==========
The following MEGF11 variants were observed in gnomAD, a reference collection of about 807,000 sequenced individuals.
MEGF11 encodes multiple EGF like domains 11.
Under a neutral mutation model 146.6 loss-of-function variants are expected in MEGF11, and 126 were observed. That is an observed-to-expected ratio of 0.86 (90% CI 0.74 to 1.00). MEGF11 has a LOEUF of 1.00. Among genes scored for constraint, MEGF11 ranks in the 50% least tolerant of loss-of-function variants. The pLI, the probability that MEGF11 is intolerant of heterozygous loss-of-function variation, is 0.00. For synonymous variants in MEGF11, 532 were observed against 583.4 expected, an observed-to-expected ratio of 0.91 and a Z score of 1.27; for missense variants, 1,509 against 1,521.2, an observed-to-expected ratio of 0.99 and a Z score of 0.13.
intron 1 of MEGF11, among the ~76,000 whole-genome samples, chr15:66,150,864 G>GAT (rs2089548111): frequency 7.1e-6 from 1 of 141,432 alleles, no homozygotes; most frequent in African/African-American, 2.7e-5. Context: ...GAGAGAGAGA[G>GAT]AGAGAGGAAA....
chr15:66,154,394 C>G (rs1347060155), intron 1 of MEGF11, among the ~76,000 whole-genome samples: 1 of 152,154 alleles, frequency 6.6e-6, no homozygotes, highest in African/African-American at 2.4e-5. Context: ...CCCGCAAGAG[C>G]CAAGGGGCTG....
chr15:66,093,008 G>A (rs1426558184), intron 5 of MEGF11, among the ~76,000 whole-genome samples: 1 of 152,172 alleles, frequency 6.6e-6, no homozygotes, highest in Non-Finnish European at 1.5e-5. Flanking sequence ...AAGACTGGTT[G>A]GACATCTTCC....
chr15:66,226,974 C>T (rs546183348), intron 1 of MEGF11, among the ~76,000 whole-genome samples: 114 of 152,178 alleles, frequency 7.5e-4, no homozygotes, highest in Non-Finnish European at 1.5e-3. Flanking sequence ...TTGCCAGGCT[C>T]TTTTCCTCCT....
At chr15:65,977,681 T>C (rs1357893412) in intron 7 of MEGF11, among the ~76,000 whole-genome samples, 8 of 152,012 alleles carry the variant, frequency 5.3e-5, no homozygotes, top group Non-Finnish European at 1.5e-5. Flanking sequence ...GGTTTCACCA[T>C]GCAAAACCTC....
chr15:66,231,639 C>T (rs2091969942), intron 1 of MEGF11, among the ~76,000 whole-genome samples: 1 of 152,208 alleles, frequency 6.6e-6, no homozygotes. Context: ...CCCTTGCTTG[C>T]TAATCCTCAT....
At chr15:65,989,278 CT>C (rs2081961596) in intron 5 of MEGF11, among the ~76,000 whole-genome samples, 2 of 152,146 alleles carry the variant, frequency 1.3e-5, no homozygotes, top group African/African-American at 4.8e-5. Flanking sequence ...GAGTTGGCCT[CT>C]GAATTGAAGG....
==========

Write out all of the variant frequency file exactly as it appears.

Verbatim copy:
The following MEGF11 variants were observed in gnomAD, a reference collection of about 807,000 sequenced individuals.
MEGF11 encodes multiple EGF like domains 11.
Under a neutral mutation model 146.6 loss-of-function variants are expected in MEGF11, and 126 were observed. That is an observed-to-expected ratio of 0.86 (90% CI 0.74 to 1.00). MEGF11 has a LOEUF of 1.00. Among genes scored for constraint, MEGF11 ranks in the 50% least tolerant of loss-of-function variants. The pLI, the probability that MEGF11 is intolerant of heterozygous loss-of-function variation, is 0.00. For synonymous variants in MEGF11, 532 were observed against 583.4 expected, an observed-to-expected ratio of 0.91 and a Z score of 1.27; for missense variants, 1,509 against 1,521.2, an observed-to-expected ratio of 0.99 and a Z score of 0.13.
intron 1 of MEGF11, among the ~76,000 whole-genome samples, chr15:66,150,864 G>GAT (rs2089548111): frequency 7.1e-6 from 1 of 141,432 alleles, no homozygotes; most frequent in African/African-American, 2.7e-5. Context: ...GAGAGAGAGA[G>GAT]AGAGAGGAAA....
chr15:66,154,394 C>G (rs1347060155), intron 1 of MEGF11, among the ~76,000 whole-genome samples: 1 of 152,154 alleles, frequency 6.6e-6, no homozygotes, highest in African/African-American at 2.4e-5. Context: ...CCCGCAAGAG[C>G]CAAGGGGCTG....
chr15:66,093,008 G>A (rs1426558184), intron 5 of MEGF11, among the ~76,000 whole-genome samples: 1 of 152,172 alleles, frequency 6.6e-6, no homozygotes, highest in Non-Finnish European at 1.5e-5. Flanking sequence ...AAGACTGGTT[G>A]GACATCTTCC....
chr15:66,226,974 C>T (rs546183348), intron 1 of MEGF11, among the ~76,000 whole-genome samples: 114 of 152,178 alleles, frequency 7.5e-4, no homozygotes, highest in Non-Finnish European at 1.5e-3. Flanking sequence ...TTGCCAGGCT[C>T]TTTTCCTCCT....
At chr15:65,977,681 T>C (rs1357893412) in intron 7 of MEGF11, among the ~76,000 whole-genome samples, 8 of 152,012 alleles carry the variant, frequency 5.3e-5, no homozygotes, top group Non-Finnish European at 1.5e-5. Flanking sequence ...GGTTTCACCA[T>C]GCAAAACCTC....
chr15:66,231,639 C>T (rs2091969942), intron 1 of MEGF11, among the ~76,000 whole-genome samples: 1 of 152,208 alleles, frequency 6.6e-6, no homozygotes. Context: ...CCCTTGCTTG[C>T]TAATCCTCAT....
At chr15:65,989,278 CT>C (rs2081961596) in intron 5 of MEGF11, among the ~76,000 whole-genome samples, 2 of 152,146 alleles carry the variant, frequency 1.3e-5, no homozygotes, top group African/African-American at 4.8e-5. Flanking sequence ...GAGTTGGCCT[CT>C]GAATTGAAGG....